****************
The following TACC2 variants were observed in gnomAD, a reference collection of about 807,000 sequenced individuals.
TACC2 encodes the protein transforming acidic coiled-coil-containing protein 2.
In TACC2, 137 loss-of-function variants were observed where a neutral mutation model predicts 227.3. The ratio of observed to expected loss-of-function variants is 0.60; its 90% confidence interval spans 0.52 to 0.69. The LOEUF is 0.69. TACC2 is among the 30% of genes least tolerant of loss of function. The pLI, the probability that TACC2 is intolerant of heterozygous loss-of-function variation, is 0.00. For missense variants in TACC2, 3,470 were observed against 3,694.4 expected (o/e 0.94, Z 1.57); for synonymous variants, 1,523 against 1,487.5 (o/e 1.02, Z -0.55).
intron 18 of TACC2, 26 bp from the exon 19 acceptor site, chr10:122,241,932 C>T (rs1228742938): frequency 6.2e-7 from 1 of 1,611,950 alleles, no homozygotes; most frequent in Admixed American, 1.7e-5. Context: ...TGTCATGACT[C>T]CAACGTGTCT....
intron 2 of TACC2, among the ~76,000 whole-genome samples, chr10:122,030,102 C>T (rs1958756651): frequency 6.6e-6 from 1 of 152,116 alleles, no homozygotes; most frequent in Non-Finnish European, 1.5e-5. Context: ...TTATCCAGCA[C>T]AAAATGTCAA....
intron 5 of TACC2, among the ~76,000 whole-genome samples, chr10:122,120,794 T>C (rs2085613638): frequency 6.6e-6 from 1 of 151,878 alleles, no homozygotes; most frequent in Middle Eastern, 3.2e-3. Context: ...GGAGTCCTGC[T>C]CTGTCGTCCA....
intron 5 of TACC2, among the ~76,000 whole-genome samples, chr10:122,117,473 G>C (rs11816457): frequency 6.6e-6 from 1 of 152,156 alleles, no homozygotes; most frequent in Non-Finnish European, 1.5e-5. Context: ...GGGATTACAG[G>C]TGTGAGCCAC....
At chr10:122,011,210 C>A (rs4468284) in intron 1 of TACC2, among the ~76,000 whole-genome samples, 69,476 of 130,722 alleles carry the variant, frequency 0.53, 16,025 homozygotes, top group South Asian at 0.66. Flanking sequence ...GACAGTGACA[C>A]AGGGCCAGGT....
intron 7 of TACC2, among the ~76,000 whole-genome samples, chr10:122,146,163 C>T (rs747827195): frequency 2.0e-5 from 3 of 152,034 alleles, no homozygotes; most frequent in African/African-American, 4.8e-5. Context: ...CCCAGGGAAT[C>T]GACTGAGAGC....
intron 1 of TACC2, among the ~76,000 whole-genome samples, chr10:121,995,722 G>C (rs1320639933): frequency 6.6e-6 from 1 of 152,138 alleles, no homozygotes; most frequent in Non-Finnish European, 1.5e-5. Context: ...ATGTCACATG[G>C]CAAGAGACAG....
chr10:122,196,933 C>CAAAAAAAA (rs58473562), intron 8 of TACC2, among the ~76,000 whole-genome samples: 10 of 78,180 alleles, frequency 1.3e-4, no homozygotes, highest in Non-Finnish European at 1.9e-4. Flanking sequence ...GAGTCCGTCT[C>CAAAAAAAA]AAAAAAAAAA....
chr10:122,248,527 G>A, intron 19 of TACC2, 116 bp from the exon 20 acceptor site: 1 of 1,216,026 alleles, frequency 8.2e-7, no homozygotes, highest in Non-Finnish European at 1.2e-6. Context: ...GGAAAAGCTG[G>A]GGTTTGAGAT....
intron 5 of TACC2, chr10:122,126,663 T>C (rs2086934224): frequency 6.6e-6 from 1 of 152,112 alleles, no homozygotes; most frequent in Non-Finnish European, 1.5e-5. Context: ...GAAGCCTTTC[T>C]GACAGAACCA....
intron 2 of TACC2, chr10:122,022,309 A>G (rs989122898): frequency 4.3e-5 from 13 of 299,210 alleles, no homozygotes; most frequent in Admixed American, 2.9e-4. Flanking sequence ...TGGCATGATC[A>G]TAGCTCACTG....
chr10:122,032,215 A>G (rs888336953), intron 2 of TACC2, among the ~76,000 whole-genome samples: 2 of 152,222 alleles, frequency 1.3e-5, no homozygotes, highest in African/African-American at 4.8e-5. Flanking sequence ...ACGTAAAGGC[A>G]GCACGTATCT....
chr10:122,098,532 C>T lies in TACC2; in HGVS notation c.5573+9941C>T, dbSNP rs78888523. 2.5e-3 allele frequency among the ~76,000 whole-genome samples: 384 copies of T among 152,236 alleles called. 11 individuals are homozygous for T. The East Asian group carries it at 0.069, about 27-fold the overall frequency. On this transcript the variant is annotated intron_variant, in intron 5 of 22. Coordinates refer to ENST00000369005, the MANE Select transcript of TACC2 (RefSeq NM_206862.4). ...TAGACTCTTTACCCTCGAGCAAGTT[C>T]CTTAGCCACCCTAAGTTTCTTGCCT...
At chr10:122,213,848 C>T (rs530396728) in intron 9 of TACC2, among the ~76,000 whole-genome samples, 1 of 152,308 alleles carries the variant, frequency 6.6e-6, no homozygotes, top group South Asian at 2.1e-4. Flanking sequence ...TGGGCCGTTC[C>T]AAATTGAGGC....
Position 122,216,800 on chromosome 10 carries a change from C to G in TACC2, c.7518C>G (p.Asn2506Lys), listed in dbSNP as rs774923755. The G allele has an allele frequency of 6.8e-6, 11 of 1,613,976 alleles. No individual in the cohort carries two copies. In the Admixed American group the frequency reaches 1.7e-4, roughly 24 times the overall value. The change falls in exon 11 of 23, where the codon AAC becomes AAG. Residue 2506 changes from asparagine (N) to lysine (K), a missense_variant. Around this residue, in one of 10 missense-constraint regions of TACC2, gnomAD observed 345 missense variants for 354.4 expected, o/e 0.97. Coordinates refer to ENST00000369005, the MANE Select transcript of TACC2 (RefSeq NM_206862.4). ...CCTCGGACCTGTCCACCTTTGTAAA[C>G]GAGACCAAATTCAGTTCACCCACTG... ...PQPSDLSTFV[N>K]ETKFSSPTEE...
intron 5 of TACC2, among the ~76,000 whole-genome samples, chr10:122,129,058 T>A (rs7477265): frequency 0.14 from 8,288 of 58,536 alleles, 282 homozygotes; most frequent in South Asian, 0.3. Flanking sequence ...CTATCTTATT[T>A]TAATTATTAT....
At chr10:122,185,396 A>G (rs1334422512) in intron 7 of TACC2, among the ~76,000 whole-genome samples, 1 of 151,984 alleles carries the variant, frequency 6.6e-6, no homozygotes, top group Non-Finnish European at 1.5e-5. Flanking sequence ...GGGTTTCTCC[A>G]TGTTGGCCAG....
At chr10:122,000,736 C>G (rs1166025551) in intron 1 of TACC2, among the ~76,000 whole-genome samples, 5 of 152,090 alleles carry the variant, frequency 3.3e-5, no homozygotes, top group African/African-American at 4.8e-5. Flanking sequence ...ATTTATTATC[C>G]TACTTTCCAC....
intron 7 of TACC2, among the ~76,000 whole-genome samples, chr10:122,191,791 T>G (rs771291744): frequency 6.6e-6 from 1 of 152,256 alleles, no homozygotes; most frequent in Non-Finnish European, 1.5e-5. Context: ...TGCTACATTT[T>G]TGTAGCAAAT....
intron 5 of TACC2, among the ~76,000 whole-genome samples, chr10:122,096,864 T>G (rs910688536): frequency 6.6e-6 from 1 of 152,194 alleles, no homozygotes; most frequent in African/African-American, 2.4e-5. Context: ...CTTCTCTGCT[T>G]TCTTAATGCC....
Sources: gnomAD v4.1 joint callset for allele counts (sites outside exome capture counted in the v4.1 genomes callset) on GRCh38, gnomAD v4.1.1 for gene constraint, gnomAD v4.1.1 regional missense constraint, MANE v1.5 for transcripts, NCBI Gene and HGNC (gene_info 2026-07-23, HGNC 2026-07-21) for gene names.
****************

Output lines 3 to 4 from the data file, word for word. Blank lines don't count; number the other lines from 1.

In TACC2, 137 loss-of-function variants were observed where a neutral mutation model predicts 227.3. The ratio of observed to expected loss-of-function variants is 0.60; its 90% confidence interval spans 0.52 to 0.69. The LOEUF is 0.69. TACC2 is among the 30% of genes least tolerant of loss of function. The pLI, the probability that TACC2 is intolerant of heterozygous loss-of-function variation, is 0.00. For missense variants in TACC2, 3,470 were observed against 3,694.4 expected (o/e 0.94, Z 1.57); for synonymous variants, 1,523 against 1,487.5 (o/e 1.02, Z -0.55).
intron 18 of TACC2, 26 bp from the exon 19 acceptor site, chr10:122,241,932 C>T (rs1228742938): frequency 6.2e-7 from 1 of 1,611,950 alleles, no homozygotes; most frequent in Admixed American, 1.7e-5. Context: ...TGTCATGACT[C>T]CAACGTGTCT....